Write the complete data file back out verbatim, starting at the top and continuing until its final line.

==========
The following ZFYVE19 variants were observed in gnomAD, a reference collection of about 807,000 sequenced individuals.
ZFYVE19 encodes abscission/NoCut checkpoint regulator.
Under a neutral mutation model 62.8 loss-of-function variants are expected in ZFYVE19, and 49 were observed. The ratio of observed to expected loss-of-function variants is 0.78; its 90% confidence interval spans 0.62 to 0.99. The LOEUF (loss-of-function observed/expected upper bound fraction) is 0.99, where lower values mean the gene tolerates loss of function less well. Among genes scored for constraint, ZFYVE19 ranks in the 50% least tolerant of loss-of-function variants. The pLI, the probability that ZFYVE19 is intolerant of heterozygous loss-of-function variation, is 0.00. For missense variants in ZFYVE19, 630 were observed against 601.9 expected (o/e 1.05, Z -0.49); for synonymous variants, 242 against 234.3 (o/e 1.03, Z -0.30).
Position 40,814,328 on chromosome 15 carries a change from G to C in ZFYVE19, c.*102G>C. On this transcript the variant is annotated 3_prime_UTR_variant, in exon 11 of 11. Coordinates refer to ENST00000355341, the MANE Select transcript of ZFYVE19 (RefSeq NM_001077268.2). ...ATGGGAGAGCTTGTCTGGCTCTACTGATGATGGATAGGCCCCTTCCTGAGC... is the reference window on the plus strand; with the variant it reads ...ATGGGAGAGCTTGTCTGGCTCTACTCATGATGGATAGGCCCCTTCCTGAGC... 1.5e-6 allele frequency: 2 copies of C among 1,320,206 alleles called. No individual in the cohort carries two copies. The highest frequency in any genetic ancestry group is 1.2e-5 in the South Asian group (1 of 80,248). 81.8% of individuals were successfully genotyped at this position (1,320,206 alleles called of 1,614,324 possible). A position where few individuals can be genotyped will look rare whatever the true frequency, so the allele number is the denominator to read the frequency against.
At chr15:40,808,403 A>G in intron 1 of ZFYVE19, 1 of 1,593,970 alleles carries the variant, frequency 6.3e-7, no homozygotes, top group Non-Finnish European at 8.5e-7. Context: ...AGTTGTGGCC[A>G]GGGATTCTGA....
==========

The following ZFYVE19 variants were observed in gnomAD, a reference collection of about 807,000 sequenced individuals.
ZFYVE19 encodes abscission/NoCut checkpoint regulator.
Under a neutral mutation model 62.8 loss-of-function variants are expected in ZFYVE19, and 49 were observed. The ratio of observed to expected loss-of-function variants is 0.78; its 90% confidence interval spans 0.62 to 0.99. The LOEUF (loss-of-function observed/expected upper bound fraction) is 0.99, where lower values mean the gene tolerates loss of function less well. Among genes scored for constraint, ZFYVE19 ranks in the 50% least tolerant of loss-of-function variants. The pLI, the probability that ZFYVE19 is intolerant of heterozygous loss-of-function variation, is 0.00. For missense variants in ZFYVE19, 630 were observed against 601.9 expected (o/e 1.05, Z -0.49); for synonymous variants, 242 against 234.3 (o/e 1.03, Z -0.30).
Position 40,814,328 on chromosome 15 carries a change from G to C in ZFYVE19, c.*102G>C. On this transcript the variant is annotated 3_prime_UTR_variant, in exon 11 of 11. Coordinates refer to ENST00000355341, the MANE Select transcript of ZFYVE19 (RefSeq NM_001077268.2). ...ATGGGAGAGCTTGTCTGGCTCTACTGATGATGGATAGGCCCCTTCCTGAGC... is the reference window on the plus strand; with the variant it reads ...ATGGGAGAGCTTGTCTGGCTCTACTCATGATGGATAGGCCCCTTCCTGAGC... 1.5e-6 allele frequency: 2 copies of C among 1,320,206 alleles called. No individual in the cohort carries two copies. The highest frequency in any genetic ancestry group is 1.2e-5 in the South Asian group (1 of 80,248). 81.8% of individuals were successfully genotyped at this position (1,320,206 alleles called of 1,614,324 possible). A position where few individuals can be genotyped will look rare whatever the true frequency, so the allele number is the denominator to read the frequency against.
At chr15:40,808,403 A>G in intron 1 of ZFYVE19, 1 of 1,593,970 alleles carries the variant, frequency 6.3e-7, no homozygotes, top group Non-Finnish European at 8.5e-7. Context: ...AGTTGTGGCC[A>G]GGGATTCTGA....